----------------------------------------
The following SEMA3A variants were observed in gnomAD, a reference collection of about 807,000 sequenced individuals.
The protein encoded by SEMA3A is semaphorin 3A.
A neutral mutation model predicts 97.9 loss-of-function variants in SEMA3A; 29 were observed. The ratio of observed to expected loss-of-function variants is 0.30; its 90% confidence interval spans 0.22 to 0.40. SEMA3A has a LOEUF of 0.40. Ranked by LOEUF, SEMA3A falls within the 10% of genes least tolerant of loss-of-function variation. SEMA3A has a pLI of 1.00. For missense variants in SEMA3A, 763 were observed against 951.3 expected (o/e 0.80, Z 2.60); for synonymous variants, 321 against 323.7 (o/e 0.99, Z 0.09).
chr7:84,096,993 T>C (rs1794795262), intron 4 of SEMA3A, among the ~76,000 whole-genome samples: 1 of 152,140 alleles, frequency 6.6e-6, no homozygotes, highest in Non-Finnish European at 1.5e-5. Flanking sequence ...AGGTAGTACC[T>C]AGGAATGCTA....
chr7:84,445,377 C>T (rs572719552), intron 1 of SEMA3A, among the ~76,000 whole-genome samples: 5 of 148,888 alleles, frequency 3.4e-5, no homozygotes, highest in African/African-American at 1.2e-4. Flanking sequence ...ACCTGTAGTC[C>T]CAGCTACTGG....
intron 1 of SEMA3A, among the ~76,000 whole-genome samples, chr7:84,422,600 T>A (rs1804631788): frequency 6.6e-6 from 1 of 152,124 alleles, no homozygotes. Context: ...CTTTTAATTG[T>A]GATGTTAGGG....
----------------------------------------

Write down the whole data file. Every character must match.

The following SEMA3A variants were observed in gnomAD, a reference collection of about 807,000 sequenced individuals.
The protein encoded by SEMA3A is semaphorin 3A.
A neutral mutation model predicts 97.9 loss-of-function variants in SEMA3A; 29 were observed. The ratio of observed to expected loss-of-function variants is 0.30; its 90% confidence interval spans 0.22 to 0.40. SEMA3A has a LOEUF of 0.40. Ranked by LOEUF, SEMA3A falls within the 10% of genes least tolerant of loss-of-function variation. SEMA3A has a pLI of 1.00. For missense variants in SEMA3A, 763 were observed against 951.3 expected (o/e 0.80, Z 2.60); for synonymous variants, 321 against 323.7 (o/e 0.99, Z 0.09).
chr7:84,096,993 T>C (rs1794795262), intron 4 of SEMA3A, among the ~76,000 whole-genome samples: 1 of 152,140 alleles, frequency 6.6e-6, no homozygotes, highest in Non-Finnish European at 1.5e-5. Flanking sequence ...AGGTAGTACC[T>C]AGGAATGCTA....
chr7:84,445,377 C>T (rs572719552), intron 1 of SEMA3A, among the ~76,000 whole-genome samples: 5 of 148,888 alleles, frequency 3.4e-5, no homozygotes, highest in African/African-American at 1.2e-4. Flanking sequence ...ACCTGTAGTC[C>T]CAGCTACTGG....
intron 1 of SEMA3A, among the ~76,000 whole-genome samples, chr7:84,422,600 T>A (rs1804631788): frequency 6.6e-6 from 1 of 152,124 alleles, no homozygotes. Context: ...CTTTTAATTG[T>A]GATGTTAGGG....